intrinsic motivation – has a huge empirical base of support in workplaces, schools, and elsewhere. We’ve long known that the pleasure one takes from an activity is a powerful predictor of success. For example, one group of researchers tried to sort out the factors that helped third and fourth graders remember what they had been reading. They found that how interested the students were in the passage was thirty times more important than how ‘readable’ the passage was.


Image credit: Reading, John Flinchbaugh

Redefining ‘rigor’

Tedd Wakeman said:

We’ve always defined, as an educational community, rigor as being a lot of hard drudgery, what we consider really hard work, taking engagement and interests completely out of the equation and saying, ‘If we see kids who are sitting at their desks and they’re just writing a ton or they’re doing a bunch of research, if they just look kind of upset, if they look like they are not enjoying themselves, then there is rigorous things going on in that classroom.’ That’s a real problem.

We need to stop defining rigor as busywork, as kids knuckling down to the pressure and the drudgery of school. At the end of the year, there is this huge binder of notes and diagrams from PowerPoint exhibits, stuff that kids worked all year on. I’ve talked to kids here who have produced an artifact like that. To the outside community, even in many ways to the inside community, that looks rigorous because, look at what you produced.

But when we talk to those kids, when we ask, ‘What are your retaining from this? What do you feel, what are some of the big concepts that you came away with, and how are you applying those in your life in your lives every day,’ they can’t tell you. They know that they did this thing and they got a good grade on it but they can’t tell you what they are going to do with that. And yet to the more traditional educational community, that’s viewed as rigor.

We would much rather define rigor as the pursuit of solving a really difficult task that you care about solving. And that persistence can be taught in that way as opposed to, ‘Yeah, let’s teach kids persistence by having them do this thing that they couldn’t care less about, but it’s really hard and just if you can survive it, that’s persistence.’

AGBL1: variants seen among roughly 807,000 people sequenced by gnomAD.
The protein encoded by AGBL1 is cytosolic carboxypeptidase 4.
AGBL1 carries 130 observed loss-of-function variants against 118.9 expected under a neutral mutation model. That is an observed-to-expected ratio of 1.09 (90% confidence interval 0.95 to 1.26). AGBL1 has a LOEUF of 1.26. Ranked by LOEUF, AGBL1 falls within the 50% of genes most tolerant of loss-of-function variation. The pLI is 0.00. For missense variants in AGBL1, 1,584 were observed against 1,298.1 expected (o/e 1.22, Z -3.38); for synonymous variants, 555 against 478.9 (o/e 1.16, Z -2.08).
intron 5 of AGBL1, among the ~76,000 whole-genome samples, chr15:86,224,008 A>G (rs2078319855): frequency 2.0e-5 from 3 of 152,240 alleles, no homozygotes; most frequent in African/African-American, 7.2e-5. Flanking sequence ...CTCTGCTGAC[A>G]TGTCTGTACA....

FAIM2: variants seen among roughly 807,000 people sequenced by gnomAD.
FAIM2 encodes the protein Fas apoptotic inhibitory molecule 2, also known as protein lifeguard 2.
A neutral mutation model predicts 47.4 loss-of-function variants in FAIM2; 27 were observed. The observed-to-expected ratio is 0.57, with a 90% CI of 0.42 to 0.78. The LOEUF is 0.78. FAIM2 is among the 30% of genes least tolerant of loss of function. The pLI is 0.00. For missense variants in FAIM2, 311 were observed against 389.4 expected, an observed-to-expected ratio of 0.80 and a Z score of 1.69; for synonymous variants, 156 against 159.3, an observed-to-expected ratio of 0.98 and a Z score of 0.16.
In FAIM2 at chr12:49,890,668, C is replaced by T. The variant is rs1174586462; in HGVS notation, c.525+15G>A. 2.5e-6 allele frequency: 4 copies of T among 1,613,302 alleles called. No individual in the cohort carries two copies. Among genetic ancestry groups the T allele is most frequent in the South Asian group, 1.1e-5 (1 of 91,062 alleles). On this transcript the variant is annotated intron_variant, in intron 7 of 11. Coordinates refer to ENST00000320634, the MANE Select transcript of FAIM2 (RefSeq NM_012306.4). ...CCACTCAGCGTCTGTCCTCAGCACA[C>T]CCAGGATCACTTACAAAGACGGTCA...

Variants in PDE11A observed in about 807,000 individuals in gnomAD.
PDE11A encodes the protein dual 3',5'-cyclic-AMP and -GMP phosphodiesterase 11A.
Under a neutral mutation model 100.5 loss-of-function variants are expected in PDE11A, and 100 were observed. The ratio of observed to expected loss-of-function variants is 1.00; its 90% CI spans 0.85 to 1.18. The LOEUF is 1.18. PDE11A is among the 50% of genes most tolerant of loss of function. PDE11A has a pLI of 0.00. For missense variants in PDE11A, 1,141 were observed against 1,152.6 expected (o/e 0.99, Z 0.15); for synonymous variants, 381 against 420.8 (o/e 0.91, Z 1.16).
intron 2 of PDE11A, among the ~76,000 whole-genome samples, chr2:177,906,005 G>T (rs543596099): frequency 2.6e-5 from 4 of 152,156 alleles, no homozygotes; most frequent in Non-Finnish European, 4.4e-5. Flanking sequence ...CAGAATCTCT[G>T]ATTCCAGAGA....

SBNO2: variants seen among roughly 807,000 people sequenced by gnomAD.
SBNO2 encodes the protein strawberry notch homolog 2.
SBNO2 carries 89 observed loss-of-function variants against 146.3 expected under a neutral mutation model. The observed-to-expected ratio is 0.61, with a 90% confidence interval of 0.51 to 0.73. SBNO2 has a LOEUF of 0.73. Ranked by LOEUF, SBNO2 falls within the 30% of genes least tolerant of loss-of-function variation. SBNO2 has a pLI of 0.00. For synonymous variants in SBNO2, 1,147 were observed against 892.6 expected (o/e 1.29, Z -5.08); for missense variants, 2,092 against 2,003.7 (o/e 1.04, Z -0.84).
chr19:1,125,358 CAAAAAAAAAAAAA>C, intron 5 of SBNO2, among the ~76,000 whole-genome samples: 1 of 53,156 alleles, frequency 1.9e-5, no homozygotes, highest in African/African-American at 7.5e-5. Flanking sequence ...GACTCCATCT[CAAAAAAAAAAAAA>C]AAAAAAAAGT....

Computers can help you get schooled for minimum wage jobs

Justin Reich said:

In the [past] forty years … educational technologists have made progress in teaching parts of the curriculum that can be most easily reduced to routines, but we have made very little progress in expanding the range of what these programs can do. During those same forty years, in nearly every other sector of society, computers have reduced the necessity of performing tasks that can be reduced to a routine. Computers, therefore, are best at assessing human performance in the sorts of tasks in which humans have already been replaced by computers.

Perhaps the most concerning part of these developments is that our technology for high-stakes testing mirrors our technology for intelligent tutors. We use machine learning in a limited way for grading essays on tests, but for the most part those tests are dominated by assessment methods – multiple choice and quantitative input – in which computers can quickly compare student responses to an answer bank. We’re pretty good at testing the kinds of things that intelligent tutors can teach, but we’re not nearly as good at testing the kinds of things that the labor market increasingly rewards. In ‘Dancing with Robots,’ an excellent paper on contemporary education, Frank Levy and Richard Murnane argue that the pressing challenge of the educational system is to ‘educate many more young people for the jobs computers cannot do.’ Schooling that trains students to efficiently conduct routine tasks is training students for jobs that pay minimum wage – or jobs that simply no longer exist.